Some of the bankers present expressed a willingness to come to the assistance of the trust company and desired to know how badly it was involved and how much money would be required to meet demands in the event of a run upon the institution. They were told that while the company was believed to be solvent, its capital was impaired to the extent of at least seventy-five per cent., and in addition thereto a large proportion of the assets were of a slow, doubtful and non-liquid character.
After a general discussion of the situation the conclusion was reached that the trust company's assets were of such a nature as to make it impracticable for the banks upon the security of such assets to furnish the funds necessary to meet the demands that would probably be made upon it. They concluded, therefore, to confine their efforts to taking care of the situation outside of this institution by fortifying their banks to meet any unusual withdrawals and extending assistance to each other. The meeting adjourned with this understanding, after the bankers present were admonished to refrain from any reference to the meeting or the trust company's affairs.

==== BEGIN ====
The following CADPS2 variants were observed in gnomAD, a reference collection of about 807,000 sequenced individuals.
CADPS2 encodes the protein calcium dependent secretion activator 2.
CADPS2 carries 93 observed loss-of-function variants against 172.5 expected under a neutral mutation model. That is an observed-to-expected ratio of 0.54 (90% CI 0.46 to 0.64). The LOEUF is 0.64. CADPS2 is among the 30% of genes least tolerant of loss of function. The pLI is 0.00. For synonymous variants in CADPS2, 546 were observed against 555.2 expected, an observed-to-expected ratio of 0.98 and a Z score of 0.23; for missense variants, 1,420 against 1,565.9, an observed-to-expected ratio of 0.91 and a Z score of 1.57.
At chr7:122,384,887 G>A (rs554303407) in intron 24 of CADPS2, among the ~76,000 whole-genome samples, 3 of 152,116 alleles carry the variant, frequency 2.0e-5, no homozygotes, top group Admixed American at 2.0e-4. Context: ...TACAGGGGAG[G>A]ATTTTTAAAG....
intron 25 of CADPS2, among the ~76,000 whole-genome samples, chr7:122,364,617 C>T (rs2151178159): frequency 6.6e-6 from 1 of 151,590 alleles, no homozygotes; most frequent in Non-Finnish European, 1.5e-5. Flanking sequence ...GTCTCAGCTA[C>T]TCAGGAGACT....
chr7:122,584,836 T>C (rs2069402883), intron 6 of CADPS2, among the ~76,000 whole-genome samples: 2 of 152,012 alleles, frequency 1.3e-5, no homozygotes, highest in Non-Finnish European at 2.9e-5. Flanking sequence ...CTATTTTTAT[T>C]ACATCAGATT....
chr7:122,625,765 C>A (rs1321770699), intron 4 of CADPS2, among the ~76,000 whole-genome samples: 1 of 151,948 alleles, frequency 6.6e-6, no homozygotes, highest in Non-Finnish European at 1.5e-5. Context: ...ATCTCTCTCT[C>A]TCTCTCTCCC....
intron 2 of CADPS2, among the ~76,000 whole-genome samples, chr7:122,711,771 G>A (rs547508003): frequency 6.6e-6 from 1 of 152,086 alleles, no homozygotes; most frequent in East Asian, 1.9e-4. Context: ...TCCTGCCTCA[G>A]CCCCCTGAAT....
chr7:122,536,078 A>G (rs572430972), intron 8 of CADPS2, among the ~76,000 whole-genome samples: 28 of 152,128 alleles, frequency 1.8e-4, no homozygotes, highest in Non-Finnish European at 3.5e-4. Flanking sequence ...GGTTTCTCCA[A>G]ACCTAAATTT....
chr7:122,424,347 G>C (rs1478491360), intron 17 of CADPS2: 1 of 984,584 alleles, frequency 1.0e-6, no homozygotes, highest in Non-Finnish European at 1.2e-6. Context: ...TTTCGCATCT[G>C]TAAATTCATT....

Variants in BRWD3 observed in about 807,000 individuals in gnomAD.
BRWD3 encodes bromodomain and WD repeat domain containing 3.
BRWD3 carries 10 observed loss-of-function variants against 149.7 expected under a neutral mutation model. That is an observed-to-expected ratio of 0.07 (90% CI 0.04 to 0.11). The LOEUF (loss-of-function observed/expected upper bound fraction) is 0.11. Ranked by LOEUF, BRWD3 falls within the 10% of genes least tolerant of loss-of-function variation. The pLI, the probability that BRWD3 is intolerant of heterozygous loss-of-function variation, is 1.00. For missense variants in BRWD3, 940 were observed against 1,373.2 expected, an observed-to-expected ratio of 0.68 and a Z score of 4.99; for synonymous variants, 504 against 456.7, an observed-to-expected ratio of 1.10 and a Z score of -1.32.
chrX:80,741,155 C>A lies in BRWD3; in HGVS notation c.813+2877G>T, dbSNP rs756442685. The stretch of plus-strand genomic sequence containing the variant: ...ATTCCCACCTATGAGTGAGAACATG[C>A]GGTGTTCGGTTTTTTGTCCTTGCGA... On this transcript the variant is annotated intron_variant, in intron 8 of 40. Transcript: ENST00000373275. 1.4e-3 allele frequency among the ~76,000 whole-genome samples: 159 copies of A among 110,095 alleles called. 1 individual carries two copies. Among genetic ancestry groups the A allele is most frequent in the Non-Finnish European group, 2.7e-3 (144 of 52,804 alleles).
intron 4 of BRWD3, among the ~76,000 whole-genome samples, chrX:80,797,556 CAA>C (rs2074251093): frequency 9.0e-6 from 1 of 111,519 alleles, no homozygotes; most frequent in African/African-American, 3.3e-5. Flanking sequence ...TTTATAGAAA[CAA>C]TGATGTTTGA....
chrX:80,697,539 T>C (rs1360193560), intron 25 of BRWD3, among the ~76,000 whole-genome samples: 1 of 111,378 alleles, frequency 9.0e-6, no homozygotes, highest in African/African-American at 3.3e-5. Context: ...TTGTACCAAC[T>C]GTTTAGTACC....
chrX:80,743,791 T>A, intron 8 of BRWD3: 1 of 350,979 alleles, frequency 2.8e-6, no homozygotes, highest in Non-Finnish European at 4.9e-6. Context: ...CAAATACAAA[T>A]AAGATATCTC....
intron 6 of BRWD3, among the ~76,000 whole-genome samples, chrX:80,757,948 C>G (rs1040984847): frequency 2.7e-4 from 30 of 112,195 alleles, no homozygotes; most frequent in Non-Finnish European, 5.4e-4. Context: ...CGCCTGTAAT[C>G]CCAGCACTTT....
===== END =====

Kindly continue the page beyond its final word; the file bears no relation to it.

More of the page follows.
While the meeting was in progress two of the directors of the trust company came into the adjoining room. When the Acting Comptroller was advised of their presence he personally invited them to join the conference, but they declined to do so.
The Acting Comptroller then explained to them the condition of the trust company as disclosed by the examiner's report, but they did not seem to appreciate or realize the seriousness of the situation. They were told that the capital of the company would have to be made good if the bank was permitted to continue in business, and they were asked what the effect would be if a meeting of the shareholders were called for the purpose of restoring the deficiency in capital by an assessment of the stock. They expressed the belief that a call for such a meeting would result in closing the bank, as a large number of the shareholders would be unable to respond to an assessment.
They were advised by the Acting Comptroller that such being the condition it would be more creditable for the directors to close the institution and arrange for its liquidation, reorganization or absorption by some other bank than for the Comptroller of the Currency to close and take possession of it, as he would be compelled to do in the event of a run and the inability of the company to meet its demand liabilities. To this suggestion one of the directors replied that the Comptroller had power to close the bank if he thought it advisable to do so. He was informed that the Comptroller had the right to close the bank only in the event of insolvency and that the bank examiner had not reported it to be insolvent, but if a run should start and the bank should not be able to meet all demands according to their tenor the Comptroller would have authority to take possession.